Most showers have a least one game or activity for the bride and her guests. This can be as simple as a game to match famous couples or be more elaborate, unique shower games like a scavenger hunt or fashion show. If the wedding shower is coed, plan bride and groom shower games that get both genders involved, like karaoke and cake feeding contests! Don't forget to pick up small prizes for the game winners, like nail polish, fast food coupons, or other small but useful trinkets.
Before making your final game or activity selection, you should consider the bride's (and groom's) feelings. If she is easily embarrassed, it's best to stick with simple, traditional worksheet games instead of making her front and center.
If you have bridesmaids or other friends/family who have offered to help plan the shower, you can request they help with the game portion. Just be sure you let them know in advance with a couple weeks' notice so they have time to come up with something fun.
Purchase Decorations and Favors
Decorations and favors should match the overall shower style.
The amount of shower decorations needed will depend on both your location and theme. Themed decor usually means putting in a little more effort with additional ceiling and wall decorations to really pull it off, whereas a shower held at a fancy restaurant may not need much styling to make it look festive. At minimum, you'll need to pick up:
- Tableware - Bridal shower plates and napkins can usually be purchased to match the invitations. Select coordinating cups and servingware. Pick up a tablecloth in the invitation design or complementary color.
- Centerpieces - Floral centerpieces are always in style. They be as casual as handpicked daisies or as fancy as ribbon-wrapped roses; they can even match the season. Candle centerpieces are also a good option as long as the venue allows them. Of course, you can also create a party table centerpiece based on the theme or even style with modern wedding centerpieces at a luxury venue.
The shower favor you give out should be a token that reflects the theme and your gratitude for everyone attending. Personalized favors should be purchased at least a month in advance, while simple favors with tags can be purchased or made the week prior to the shower. In fact, as long as the favor isn't edible, you can purchase or make them as far in advance as desired.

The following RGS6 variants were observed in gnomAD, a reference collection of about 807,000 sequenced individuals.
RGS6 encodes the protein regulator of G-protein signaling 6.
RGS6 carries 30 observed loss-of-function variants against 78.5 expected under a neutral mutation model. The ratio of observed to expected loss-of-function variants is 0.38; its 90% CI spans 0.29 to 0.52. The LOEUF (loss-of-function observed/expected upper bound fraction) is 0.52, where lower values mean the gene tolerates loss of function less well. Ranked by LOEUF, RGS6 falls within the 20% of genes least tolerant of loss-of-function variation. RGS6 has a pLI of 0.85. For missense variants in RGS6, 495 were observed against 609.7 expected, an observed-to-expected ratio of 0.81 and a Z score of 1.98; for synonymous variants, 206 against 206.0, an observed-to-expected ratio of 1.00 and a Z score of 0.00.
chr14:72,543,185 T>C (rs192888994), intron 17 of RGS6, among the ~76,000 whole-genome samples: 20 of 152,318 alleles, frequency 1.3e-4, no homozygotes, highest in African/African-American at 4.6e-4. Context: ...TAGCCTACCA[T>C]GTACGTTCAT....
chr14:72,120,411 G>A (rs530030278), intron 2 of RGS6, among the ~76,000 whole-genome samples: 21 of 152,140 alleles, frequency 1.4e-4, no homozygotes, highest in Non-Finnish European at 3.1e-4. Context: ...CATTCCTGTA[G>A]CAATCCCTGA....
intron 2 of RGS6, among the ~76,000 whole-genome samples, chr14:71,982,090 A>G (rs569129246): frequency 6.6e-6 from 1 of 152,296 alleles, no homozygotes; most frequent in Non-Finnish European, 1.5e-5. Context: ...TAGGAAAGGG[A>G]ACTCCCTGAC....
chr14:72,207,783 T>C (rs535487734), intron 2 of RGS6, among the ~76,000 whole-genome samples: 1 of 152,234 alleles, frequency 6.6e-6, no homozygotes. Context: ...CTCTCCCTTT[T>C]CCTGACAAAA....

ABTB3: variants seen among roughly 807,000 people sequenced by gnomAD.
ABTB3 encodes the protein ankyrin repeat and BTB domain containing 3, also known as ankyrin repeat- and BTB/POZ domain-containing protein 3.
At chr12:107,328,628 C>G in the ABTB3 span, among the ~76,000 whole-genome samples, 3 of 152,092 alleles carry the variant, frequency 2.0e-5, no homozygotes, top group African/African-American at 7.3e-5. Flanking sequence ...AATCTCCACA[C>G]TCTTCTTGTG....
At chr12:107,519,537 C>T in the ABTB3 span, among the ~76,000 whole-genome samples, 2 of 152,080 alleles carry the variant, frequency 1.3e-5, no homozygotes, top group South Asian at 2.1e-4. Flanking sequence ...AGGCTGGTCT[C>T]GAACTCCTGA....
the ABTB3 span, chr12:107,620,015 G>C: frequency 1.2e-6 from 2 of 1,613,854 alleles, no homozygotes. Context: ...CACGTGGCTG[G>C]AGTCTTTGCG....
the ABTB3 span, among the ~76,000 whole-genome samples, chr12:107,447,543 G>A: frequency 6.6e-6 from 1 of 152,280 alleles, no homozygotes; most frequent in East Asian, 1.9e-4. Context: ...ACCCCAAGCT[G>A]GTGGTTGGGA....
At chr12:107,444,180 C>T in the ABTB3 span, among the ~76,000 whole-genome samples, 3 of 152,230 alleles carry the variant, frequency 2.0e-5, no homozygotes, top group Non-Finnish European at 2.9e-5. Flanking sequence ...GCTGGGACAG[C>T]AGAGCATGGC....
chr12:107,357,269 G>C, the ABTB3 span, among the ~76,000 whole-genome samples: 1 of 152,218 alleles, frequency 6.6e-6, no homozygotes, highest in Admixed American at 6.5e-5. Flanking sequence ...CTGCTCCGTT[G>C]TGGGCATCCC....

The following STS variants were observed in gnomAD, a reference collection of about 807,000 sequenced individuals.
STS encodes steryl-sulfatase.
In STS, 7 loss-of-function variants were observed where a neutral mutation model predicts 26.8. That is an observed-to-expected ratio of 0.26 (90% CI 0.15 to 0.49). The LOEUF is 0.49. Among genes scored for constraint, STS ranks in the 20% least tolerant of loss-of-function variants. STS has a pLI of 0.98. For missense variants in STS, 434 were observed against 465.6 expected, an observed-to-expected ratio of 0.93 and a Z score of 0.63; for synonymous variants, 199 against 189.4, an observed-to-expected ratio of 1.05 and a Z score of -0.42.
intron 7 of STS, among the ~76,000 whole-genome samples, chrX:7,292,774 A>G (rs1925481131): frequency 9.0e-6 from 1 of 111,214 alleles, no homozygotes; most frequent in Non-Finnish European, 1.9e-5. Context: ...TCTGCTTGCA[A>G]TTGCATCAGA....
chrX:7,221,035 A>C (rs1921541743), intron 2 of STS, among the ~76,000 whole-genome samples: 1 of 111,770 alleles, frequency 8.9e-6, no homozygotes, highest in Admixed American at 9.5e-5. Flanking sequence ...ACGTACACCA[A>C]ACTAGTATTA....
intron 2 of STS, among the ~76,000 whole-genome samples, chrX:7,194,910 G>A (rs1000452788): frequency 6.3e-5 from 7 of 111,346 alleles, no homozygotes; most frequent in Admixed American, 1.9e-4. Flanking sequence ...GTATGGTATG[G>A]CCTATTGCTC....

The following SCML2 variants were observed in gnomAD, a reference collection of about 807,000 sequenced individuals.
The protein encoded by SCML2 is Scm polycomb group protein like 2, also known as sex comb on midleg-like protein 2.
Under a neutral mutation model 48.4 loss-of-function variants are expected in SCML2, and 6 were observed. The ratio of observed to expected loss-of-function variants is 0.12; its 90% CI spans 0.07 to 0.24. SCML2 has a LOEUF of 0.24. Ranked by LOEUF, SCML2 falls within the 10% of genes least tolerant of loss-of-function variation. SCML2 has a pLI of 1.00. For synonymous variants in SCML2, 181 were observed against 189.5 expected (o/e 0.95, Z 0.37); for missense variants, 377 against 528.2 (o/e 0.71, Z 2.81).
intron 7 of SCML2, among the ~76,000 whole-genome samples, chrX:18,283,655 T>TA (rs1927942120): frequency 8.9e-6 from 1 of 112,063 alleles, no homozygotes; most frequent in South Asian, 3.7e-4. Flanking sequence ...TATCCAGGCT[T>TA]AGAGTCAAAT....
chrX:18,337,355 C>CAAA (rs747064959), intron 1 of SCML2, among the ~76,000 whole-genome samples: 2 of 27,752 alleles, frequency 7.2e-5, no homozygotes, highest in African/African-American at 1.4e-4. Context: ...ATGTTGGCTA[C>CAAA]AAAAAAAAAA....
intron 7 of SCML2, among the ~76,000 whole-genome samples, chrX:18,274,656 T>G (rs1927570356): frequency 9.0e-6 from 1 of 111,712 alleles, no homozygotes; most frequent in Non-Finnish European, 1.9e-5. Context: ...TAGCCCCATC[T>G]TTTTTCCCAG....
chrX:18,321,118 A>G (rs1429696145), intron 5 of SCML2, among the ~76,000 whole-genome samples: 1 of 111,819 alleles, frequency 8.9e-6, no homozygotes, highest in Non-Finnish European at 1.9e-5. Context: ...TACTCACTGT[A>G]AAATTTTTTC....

Finalize Your Plans
A few things will need to be done the week before the shower. Follow this checklist to be sure you have everything covered:
- Call anyone who hasn't RSVPed to get the final head count.
- Give the caterer your final count or write your grocery shopping list from the menu you selected.
- Do a trial run of the game with your family and see how long it will take so you can plan the day's activities accordingly.
- Set up a mock table to ensure your decorations look good and you have enough.
- Check in with bridesmaids and family members who will help set up and tear down any party space.
- Pick up some basic office and cleaning supplies that you might need the day of the shower: extra pens, tape, dust rags, paper towels, and trash bags.
- Organize the game items, food table decorations and accessories, additional decorations and accessories, and favors together in separate bags or boxes. This way you know you have everything together. Label the boxes before you put them in your vehicle.
- Ask a few bridesmaids or friends to snap photographs throughout the party. This way, you can keep everything running smoothly and the bride has the shower captured for her.
Plan to arrive at the location at least an hour prior to the shower's start. Set up a sign with balloons and an arrow at the edge of the road to indicate where guests should turn for the shower at least 15 minutes before the shower begins.
Throwing a Festive Shower for the Bride
Throwing a wedding shower is a gracious gesture. With a little planning, you're sure to pull off a memorable and festive event for the bride-to-be!